Many exegetes have explained away the verses about the first life; they say that it is only a literary style, which presents imaginary pictures as real facts. And as for the verses concerning the life hereafter, they too are misrepresented as allegories and metaphors. But both types of verses are too clear in this meaning to allow such misinterpretations.
We shall explain the verses about the first life under ch. 7. As for the life hereafter, many verses show that the same good or bad deeds which man commits in this life, shall be returned to him, as their own reward or punishment, on the day of requital. Allah has mentioned this fact in many verses: …and do not make excuses today; You shall be recompensed only what you did (66:7); then every soul shall be paid back in full what it has earned, and they shall not be dealt with unjustly (2:281); then be on guard against the fire of which men and stones are fuel (2:24); Then let him summon his council We too would summon the tormentors (of the hell) (96:17-18); On the day that every soul shall find present what it has done of good and what it has done of evil… (3:30); they eat nothing but fire intotheir bellies… (2 A74);… surely they only swallow fire into their bellies… (4:10). There are many verses of the same import.
Then there is the verse 50:22, which by itself is enough to convince one of this principle: Certainly you were heedless, Of it, but now We have removed from you your veil, so your sight today is sharp. The words, “you were heedless of it % indicate that there was something present in this world, to which the guilty one has not paid any attention; “removed from you your veil” means that, but for that veil, he could have seen that reality even in-this worldly life. What the man would see on the Day of Resurrection was present even in this earthly life; otherwise, it would not be logical to say that previously you were inattentive to it, or that it was hidden from your eyes, but now that the cover has been removed, you may see it clearly.
There is no allegory or metaphor in these verses. Try to explain in plain Arabic the principle which we have mentioned just now. You will not find a more explicit way than the one used in these verses. Then, how can they be explained away as allegories ?
The divine talk here points at two realities:-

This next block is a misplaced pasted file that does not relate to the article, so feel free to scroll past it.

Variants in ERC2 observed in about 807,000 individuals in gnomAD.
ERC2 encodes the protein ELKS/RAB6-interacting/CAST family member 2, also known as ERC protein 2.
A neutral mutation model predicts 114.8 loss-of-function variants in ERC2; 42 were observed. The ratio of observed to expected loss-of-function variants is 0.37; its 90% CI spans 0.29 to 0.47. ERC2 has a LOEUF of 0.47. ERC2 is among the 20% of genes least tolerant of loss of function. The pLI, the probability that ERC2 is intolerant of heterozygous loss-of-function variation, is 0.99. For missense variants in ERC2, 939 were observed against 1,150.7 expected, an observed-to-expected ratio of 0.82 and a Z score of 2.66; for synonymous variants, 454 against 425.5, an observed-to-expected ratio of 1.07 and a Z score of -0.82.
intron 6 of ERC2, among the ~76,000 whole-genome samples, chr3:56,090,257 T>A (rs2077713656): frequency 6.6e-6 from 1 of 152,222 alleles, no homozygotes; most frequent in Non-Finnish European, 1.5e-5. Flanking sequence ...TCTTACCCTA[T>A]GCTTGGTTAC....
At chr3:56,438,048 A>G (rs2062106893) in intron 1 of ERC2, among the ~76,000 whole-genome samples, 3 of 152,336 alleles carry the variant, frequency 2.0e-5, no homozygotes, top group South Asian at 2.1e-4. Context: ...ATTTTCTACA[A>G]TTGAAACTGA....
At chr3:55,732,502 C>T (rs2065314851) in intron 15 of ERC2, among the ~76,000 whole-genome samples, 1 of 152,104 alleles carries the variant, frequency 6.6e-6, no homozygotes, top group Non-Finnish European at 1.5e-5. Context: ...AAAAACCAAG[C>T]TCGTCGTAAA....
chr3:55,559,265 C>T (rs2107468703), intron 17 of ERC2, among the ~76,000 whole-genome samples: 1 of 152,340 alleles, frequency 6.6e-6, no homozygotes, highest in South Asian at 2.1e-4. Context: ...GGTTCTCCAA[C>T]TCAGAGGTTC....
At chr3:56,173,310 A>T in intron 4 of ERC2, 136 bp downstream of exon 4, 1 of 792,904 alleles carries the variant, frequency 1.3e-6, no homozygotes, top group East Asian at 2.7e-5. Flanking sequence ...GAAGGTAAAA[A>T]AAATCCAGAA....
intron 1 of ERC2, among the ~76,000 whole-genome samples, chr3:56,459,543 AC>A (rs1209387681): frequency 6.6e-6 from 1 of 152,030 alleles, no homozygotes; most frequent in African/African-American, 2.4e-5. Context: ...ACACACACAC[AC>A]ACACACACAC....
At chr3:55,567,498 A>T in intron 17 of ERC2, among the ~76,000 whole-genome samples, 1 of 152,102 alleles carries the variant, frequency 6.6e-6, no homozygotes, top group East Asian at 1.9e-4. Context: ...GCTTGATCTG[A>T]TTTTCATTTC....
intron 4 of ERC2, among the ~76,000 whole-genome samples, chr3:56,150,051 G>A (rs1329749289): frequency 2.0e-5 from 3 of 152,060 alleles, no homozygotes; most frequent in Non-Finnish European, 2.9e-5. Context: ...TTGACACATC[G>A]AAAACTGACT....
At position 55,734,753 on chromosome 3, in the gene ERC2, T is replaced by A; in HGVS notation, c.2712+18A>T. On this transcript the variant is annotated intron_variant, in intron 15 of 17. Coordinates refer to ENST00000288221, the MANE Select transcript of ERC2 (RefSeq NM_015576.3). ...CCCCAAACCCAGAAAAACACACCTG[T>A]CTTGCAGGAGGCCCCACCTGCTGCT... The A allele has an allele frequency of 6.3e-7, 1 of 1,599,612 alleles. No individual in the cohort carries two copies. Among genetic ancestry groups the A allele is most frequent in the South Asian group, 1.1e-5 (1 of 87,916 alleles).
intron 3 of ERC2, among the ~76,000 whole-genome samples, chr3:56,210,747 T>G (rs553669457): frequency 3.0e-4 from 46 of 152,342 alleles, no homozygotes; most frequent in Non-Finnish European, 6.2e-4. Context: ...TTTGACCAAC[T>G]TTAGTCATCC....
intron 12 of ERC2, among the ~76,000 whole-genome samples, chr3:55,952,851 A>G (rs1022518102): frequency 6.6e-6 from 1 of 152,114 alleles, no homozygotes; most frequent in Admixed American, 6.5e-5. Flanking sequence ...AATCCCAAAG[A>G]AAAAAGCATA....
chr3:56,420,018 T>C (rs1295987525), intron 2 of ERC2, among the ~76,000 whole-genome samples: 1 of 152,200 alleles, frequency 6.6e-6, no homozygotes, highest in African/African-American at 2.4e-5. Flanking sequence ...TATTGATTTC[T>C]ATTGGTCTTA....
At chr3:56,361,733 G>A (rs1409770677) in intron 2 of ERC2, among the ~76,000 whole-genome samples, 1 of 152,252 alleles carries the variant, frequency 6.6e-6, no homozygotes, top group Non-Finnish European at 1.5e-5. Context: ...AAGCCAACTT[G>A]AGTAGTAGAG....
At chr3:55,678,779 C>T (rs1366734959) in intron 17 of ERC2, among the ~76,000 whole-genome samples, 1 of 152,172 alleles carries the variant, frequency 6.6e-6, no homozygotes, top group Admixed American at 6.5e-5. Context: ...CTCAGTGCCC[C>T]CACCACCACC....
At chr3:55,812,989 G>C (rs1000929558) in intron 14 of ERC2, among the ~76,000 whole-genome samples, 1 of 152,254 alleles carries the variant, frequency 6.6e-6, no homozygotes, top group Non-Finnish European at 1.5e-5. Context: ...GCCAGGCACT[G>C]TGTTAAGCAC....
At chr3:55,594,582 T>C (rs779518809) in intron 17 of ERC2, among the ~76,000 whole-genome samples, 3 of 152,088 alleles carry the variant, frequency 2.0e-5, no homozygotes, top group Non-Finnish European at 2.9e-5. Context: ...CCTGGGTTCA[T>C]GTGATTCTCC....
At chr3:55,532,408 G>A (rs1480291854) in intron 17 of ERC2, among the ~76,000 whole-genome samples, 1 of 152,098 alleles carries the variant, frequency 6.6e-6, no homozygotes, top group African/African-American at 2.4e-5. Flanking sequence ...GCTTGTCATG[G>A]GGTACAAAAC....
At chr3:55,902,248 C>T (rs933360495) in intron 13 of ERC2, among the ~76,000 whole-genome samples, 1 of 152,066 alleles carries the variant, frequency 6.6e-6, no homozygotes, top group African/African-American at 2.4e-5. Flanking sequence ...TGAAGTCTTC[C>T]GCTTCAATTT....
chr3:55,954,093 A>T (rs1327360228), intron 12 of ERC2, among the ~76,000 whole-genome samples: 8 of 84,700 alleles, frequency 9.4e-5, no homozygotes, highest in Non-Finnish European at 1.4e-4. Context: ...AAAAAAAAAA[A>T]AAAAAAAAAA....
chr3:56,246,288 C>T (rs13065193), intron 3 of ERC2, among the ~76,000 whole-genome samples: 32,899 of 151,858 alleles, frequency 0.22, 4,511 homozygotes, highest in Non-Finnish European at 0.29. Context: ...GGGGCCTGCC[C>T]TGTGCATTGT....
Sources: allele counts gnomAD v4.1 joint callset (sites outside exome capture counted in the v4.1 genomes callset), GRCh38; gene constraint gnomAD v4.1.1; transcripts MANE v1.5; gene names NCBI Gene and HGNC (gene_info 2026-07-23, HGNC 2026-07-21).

First: Recompense: What a man will get in hereafter -reward or punishment, paradise or hell – shall be in recompense of the good or evil he would have done in this life.
Second: Embodiment of the deeds: Many verses indicate that the good or evil deeds themselves turn into their own pleasant or unpleasant recompense. (Or, that the recompense is an inseparable concomitant of the deeds themselves.) It is hidden from our eyes in this life, but we shall see it clearly on the day of reckoning.
These realities are not really two. But we had to explain it in this way to bring it nearer to the minds. The Qur’ân too says that it uses similitude to make people understand.
QUR’AN: but He does not cause to err by it (any) except the transgressors:
“al -Fisq”= transgression, sinfulness). It is the Qur’ân that, first of all, used this word in its now prevalent
meaning. It is derived from fasaqati ‘t-tamrah the date broke out of its outer rind). That is why it has been further explained by the words, “who break the covenant of
Allâh after its confiirrnation” – a thing must be whole before it is broken. Also the transgressors are described at the end of the verse as the losers – one must be owning a thing before he can
lose it. Allâh further says: Surely the losers are they who have lost themselves and their people on the resurrection day (42:45). All these expressions show how appropriate the adjective,
“al-fasiqin”(the transgressors) is in this context. You should never think that the adjectives used by Allâh in His book for His good servants (like “those who are near to Allâh”, “the sincere ones”, “the humble ones”, “the good ones”, “the purified ones” etc.) or for the evil ones (like “the unjust”, “the transgressors”, “the losers”, “those who go astray”, etc.) are cheap epithets, or that they ausas literary embellishment. Each adjective has its own significance; each points to a particular stage in man’s spiritual journey. Each has its own characteristics, and gives rise- to its especial effects and consequences. On physical level, every age has its own characteristics and powers, which cannot be found before or after that age; likewise, on spiritual plane, every attribute has its own special effects.
BY: Allameh Muhammad Hussein Tabatabai